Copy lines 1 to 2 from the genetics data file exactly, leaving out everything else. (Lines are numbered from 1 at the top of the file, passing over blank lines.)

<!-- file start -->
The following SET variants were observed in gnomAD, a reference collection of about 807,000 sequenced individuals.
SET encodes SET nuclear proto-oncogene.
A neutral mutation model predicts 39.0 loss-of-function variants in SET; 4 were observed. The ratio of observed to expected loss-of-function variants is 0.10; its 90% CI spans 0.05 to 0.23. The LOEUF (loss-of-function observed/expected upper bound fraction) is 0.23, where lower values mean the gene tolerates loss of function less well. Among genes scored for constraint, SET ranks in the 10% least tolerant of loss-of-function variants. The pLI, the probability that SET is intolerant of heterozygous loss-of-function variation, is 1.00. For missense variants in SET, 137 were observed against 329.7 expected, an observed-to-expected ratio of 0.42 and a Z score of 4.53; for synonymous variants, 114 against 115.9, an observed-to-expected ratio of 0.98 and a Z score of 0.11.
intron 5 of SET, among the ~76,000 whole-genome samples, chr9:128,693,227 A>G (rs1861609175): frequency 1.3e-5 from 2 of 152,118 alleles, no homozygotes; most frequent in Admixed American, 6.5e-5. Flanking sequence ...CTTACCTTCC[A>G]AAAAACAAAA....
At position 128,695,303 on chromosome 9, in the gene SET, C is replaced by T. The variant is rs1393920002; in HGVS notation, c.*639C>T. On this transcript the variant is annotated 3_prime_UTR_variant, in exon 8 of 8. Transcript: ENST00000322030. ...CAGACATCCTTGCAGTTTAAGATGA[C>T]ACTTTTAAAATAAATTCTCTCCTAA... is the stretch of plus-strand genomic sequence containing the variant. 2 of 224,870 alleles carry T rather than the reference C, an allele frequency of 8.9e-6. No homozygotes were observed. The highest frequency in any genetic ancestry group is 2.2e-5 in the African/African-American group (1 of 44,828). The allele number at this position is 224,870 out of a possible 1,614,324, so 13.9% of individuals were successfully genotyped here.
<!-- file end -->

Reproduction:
The following SET variants were observed in gnomAD, a reference collection of about 807,000 sequenced individuals.
SET encodes SET nuclear proto-oncogene.